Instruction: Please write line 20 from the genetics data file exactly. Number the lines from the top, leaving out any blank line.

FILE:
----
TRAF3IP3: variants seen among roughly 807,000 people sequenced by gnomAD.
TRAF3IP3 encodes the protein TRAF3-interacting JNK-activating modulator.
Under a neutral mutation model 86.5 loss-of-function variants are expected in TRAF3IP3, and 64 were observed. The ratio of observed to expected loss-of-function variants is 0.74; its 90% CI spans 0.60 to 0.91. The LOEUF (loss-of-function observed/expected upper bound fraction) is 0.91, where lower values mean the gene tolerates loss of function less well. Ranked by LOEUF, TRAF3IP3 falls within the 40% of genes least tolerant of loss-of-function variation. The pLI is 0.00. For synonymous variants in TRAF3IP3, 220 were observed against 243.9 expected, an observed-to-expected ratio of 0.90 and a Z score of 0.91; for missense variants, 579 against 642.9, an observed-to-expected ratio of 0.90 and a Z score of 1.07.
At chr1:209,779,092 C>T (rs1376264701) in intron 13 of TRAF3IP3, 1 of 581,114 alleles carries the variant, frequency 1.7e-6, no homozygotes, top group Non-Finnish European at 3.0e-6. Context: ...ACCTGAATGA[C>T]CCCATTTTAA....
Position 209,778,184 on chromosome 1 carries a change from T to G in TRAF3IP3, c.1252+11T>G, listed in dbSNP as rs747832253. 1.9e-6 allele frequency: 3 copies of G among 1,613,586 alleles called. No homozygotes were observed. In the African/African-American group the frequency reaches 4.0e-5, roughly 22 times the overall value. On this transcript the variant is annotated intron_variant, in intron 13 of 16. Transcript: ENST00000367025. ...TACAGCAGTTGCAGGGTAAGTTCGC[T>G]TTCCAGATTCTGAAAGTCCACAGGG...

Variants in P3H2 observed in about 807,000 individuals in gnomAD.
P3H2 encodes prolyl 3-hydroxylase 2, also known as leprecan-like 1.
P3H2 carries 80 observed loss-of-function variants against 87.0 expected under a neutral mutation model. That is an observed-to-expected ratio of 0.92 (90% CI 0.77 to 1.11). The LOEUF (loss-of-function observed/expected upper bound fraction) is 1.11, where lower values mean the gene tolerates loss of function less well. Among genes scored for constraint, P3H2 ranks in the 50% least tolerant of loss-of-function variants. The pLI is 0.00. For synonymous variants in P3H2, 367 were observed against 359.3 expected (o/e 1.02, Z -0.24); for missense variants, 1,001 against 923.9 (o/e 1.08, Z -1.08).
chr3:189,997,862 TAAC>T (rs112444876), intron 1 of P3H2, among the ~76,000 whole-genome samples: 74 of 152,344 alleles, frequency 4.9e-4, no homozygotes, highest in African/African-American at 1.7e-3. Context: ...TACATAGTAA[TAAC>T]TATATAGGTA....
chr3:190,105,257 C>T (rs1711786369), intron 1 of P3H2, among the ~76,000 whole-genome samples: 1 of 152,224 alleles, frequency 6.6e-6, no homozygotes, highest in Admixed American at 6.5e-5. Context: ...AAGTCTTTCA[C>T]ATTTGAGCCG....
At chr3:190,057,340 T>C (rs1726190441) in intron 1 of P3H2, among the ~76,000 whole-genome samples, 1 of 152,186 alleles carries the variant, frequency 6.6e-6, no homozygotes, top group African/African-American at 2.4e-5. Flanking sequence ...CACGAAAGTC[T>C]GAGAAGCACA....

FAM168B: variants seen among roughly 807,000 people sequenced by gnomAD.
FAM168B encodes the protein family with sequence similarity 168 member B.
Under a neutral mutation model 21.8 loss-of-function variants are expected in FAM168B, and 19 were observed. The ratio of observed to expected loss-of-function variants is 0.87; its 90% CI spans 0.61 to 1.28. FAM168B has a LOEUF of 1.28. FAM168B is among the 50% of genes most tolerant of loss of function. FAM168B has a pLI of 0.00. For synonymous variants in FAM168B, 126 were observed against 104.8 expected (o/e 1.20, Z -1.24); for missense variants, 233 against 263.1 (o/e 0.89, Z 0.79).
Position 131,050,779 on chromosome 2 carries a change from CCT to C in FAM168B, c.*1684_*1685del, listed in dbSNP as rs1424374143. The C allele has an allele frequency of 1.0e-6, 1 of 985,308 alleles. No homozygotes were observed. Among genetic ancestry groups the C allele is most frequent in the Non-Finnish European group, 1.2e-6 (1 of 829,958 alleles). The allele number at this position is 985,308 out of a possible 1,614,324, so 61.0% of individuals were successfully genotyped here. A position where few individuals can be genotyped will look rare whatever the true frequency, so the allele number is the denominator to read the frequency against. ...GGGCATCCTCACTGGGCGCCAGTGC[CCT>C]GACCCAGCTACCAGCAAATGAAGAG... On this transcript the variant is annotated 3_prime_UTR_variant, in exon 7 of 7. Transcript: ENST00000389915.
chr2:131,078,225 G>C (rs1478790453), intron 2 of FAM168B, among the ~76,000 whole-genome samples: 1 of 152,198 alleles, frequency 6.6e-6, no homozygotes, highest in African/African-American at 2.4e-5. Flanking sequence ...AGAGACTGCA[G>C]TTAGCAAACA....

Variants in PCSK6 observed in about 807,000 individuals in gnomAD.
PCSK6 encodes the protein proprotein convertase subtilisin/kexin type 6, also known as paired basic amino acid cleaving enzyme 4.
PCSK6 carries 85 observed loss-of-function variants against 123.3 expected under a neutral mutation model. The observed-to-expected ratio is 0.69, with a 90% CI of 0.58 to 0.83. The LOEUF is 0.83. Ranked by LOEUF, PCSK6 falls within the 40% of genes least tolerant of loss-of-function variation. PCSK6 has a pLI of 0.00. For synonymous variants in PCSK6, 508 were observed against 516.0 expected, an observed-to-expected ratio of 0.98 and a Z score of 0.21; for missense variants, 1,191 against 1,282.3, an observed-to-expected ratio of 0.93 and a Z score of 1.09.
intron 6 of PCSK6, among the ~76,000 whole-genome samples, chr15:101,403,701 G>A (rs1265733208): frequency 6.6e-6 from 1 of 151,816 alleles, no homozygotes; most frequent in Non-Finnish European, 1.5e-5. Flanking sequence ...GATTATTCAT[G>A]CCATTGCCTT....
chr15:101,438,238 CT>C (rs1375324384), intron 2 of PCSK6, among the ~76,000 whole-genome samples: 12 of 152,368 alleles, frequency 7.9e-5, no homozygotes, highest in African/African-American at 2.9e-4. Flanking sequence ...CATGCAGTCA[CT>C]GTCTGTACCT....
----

intron 6 of PCSK6, among the ~76,000 whole-genome samples, chr15:101,403,701 G>A (rs1265733208): frequency 6.6e-6 from 1 of 151,816 alleles, no homozygotes; most frequent in Non-Finnish European, 1.5e-5. Flanking sequence ...GATTATTCAT[G>A]CCATTGCCTT....